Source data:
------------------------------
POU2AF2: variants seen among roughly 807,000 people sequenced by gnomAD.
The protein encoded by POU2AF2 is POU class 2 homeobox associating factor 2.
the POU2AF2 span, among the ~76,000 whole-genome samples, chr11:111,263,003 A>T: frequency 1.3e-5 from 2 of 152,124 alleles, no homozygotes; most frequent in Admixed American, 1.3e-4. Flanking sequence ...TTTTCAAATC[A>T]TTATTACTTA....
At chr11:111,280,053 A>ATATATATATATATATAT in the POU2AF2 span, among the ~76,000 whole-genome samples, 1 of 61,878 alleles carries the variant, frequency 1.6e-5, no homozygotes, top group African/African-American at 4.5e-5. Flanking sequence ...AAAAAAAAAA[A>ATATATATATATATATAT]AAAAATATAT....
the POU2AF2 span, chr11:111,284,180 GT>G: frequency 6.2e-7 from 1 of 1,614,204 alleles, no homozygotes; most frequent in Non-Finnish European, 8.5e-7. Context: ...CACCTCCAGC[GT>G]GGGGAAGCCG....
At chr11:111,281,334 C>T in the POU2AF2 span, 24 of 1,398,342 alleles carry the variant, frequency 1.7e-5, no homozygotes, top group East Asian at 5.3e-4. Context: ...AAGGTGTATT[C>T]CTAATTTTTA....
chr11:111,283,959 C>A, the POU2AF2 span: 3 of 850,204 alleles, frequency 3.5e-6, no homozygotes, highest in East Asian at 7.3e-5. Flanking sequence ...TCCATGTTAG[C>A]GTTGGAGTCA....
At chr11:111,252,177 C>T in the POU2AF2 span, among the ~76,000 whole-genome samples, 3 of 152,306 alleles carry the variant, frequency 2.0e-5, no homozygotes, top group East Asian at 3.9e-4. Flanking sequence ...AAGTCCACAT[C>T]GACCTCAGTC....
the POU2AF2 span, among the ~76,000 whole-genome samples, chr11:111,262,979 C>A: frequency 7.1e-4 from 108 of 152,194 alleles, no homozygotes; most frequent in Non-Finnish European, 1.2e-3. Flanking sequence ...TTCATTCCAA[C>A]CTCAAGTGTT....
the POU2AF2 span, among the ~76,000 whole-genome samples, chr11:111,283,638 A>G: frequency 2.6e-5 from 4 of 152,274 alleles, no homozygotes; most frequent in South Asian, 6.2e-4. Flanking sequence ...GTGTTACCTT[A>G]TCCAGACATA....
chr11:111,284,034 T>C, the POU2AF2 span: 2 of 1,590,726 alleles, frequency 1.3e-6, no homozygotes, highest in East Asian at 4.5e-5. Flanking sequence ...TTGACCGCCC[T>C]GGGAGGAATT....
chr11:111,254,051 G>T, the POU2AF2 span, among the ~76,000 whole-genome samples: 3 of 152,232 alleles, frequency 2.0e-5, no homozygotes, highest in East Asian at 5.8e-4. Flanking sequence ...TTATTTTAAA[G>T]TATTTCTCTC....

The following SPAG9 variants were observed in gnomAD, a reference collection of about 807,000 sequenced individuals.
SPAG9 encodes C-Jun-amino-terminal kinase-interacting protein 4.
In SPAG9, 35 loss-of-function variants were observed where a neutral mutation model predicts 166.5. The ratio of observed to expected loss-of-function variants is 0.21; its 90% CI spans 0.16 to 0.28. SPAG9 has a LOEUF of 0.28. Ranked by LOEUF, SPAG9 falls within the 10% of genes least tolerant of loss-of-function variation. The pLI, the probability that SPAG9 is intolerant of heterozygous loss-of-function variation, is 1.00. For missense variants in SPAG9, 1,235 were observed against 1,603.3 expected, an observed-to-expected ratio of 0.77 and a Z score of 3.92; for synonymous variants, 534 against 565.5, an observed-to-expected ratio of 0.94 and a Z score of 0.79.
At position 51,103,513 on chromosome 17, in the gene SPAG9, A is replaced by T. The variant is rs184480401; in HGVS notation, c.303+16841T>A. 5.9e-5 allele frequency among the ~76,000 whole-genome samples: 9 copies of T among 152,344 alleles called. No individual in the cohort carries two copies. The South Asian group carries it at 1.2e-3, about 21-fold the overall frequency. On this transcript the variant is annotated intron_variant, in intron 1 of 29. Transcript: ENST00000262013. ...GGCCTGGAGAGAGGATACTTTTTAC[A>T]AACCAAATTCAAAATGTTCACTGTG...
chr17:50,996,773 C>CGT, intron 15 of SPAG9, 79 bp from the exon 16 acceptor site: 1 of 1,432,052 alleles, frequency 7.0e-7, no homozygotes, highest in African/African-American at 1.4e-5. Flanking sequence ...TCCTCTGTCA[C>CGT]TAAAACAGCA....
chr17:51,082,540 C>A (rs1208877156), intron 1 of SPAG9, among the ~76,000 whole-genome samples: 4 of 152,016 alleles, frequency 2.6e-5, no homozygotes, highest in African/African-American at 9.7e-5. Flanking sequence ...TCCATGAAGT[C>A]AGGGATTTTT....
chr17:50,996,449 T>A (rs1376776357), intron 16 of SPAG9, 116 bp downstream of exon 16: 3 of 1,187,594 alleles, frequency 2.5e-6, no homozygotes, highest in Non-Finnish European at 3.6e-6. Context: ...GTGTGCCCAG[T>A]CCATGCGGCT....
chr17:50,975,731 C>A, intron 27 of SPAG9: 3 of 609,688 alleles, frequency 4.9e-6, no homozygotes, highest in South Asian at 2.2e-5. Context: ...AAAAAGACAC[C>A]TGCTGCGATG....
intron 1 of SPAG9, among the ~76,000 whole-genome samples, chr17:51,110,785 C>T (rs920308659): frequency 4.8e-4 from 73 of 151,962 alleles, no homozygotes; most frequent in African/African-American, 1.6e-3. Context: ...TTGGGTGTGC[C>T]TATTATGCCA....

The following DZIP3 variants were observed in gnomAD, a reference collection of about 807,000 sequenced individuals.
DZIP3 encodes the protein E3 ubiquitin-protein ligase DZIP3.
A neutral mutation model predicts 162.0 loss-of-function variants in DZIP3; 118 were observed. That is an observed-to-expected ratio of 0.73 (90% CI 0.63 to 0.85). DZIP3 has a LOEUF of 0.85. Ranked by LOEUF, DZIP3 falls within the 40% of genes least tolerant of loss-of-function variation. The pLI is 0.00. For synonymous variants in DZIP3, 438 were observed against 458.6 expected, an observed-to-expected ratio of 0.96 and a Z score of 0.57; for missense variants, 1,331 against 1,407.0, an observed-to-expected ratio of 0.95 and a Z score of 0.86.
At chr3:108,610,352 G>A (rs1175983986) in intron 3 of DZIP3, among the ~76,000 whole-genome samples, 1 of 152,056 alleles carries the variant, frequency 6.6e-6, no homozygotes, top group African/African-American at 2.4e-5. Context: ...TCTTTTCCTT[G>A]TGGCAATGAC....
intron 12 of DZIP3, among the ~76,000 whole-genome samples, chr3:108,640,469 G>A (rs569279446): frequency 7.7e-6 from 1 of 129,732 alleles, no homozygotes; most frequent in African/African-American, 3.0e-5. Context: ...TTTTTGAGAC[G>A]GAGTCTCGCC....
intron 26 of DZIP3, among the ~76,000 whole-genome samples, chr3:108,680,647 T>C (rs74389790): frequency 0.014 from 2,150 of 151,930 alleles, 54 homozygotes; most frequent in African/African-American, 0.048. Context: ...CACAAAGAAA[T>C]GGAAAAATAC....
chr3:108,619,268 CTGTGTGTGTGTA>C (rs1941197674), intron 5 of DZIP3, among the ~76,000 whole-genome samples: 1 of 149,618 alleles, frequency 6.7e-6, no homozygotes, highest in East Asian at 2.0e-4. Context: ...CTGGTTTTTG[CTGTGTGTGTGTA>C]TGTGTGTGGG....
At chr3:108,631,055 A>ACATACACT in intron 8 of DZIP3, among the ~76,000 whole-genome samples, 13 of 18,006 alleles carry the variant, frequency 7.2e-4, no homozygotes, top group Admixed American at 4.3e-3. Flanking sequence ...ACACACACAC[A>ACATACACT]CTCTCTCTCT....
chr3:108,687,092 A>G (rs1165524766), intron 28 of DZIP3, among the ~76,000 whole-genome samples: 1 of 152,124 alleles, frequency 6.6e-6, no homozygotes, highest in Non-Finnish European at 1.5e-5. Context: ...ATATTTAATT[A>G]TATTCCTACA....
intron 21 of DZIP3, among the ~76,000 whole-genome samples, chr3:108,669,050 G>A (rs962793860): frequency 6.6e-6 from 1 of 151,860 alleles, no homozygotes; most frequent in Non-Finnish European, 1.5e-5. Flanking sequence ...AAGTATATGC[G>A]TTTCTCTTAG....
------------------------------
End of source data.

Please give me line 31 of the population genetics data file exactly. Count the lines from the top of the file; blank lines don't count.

intron 21 of DZIP3, among the ~76,000 whole-genome samples, chr3:108,669,050 G>A (rs962793860): frequency 6.6e-6 from 1 of 151,860 alleles, no homozygotes; most frequent in Non-Finnish European, 1.5e-5. Flanking sequence ...AAGTATATGC[G>A]TTTCTCTTAG....